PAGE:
For our first big roadtrip we planned to travel down to California from July 25th through Aug 2nd for some high altitude rock climbing. We arrived at Mono Lake east of Lee Vining in time for the last sunlight on July 25th, and took the chance to soak in the picturesque ambiance will grilling veggies for dinner.
The next morning we started our adventure by climbing West Crack on Daff Dome. With fresh warnings from the guidebook about slow parties and lines, we rushed to the base of the crack, and found.. nothing. It was at least an hour before anyone showed up to this classic climb on the weekend, so we wandered around looking for the bolt for awhile. In turned out you skip the first ~50 feet of slab climbing by taking a treed ledge to a short bolt protected slab move, and start there.
After clipping the bolt and making the traversing friction moves to the crack feels quite insecure. There aren’t good feet much much of the pitch, but there are excellent finger locks. The crack is low angle at the start but steepens right before the only hanging belay of the route. Rick confidently led the pitch and belayed me up.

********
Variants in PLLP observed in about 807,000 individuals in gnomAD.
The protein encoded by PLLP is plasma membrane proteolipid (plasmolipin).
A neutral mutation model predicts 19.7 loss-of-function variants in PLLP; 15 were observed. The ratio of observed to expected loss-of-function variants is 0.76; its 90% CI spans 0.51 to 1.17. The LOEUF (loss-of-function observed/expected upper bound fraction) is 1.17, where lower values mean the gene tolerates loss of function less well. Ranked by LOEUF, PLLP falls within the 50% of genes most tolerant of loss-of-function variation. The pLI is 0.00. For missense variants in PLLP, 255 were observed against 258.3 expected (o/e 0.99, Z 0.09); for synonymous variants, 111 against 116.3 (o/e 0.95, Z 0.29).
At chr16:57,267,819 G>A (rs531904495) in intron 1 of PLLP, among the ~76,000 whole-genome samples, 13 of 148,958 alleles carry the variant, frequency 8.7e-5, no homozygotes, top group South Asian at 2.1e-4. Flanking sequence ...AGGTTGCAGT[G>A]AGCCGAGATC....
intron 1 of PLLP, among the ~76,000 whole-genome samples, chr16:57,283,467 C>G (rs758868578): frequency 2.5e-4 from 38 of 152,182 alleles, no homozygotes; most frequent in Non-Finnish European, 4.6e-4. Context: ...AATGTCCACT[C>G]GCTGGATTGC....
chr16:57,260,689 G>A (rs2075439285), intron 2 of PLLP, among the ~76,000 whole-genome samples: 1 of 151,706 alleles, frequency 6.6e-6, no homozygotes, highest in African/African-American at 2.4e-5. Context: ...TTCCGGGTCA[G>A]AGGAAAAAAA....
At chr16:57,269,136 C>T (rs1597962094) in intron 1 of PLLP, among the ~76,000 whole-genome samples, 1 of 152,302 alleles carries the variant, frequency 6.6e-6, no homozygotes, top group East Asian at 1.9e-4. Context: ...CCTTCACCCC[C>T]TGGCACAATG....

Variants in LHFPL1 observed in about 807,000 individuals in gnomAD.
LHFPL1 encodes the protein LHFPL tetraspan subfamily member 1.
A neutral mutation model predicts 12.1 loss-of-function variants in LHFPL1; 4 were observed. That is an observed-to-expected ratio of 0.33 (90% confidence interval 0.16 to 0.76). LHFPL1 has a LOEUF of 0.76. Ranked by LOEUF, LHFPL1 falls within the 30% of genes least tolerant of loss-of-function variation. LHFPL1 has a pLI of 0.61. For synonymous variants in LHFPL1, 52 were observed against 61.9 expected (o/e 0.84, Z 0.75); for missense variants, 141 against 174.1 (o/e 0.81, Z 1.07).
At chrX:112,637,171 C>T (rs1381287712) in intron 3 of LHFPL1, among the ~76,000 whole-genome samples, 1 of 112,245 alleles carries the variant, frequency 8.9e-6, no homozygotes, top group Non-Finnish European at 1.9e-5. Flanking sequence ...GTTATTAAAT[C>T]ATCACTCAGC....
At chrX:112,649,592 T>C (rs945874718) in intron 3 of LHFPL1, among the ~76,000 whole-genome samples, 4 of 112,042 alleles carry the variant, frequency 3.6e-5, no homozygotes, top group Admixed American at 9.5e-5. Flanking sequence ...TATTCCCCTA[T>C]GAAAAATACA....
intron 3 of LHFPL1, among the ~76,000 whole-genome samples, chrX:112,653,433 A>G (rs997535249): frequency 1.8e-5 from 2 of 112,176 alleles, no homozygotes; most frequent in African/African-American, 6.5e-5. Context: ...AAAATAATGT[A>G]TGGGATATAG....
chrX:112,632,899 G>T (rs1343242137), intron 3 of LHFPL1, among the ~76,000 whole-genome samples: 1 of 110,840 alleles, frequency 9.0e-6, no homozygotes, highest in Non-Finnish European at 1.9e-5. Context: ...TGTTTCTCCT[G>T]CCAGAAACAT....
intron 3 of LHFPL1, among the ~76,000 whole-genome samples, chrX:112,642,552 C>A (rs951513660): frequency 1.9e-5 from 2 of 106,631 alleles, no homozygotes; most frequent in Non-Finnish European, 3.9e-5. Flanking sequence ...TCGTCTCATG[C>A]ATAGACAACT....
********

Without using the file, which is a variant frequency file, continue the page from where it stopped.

The start of second pitch is also visible in the above image. It starts with a couple over hanging moves which feels very hard for a 5.8 until you find big jugs on the left side. This pitch isnt very sustained but has a lot of variety. Above the first few moves, a delightful hand crack awaits with several knobs for feet. Rick took us up to the base of 5.7 finger crack.
I found that Tuolumne has several such moderate grade hand cracks, finger cracks, offwidth and chimneys, all of great rock quality. These offer fantastic practice for different kind of techniques required for trad climbing, something that I haven’t seen very much in the North Cascades. The finger crack takes .5 to .75 cams and also offers good toe jams, before converting to a sweet low angle hand crack. As you get to the end of the hand crack traverse right to another crack and continue up. I probably ran out of rope or lost hope to find a big ledge to belay from, therefore I stopped when the crack widened quite a bit and built an anchor using #3s and #2s.
The last pitch is low angle slab climbing with hardly any pro. Although Rick said I missed some small cam placements and chicken heads that I could have slung, I was focused on finding a ledge system that traverses left-right-left and up to a large boulder. I used my quad around the base of the boulder and clipped to my harness then belayed Rick up.
Our next objective for today was to climb “South Crack on Stately Pleasure Dome” but as we racked up and prepared to head up we saw dark storm clouds right above the dome. We acted upon the advice of some local experienced climbers who said our climb would be one of “quiet desperation” if we continued, and drove down to Yosemite Valley instead.
We’ll definitely be back here soon!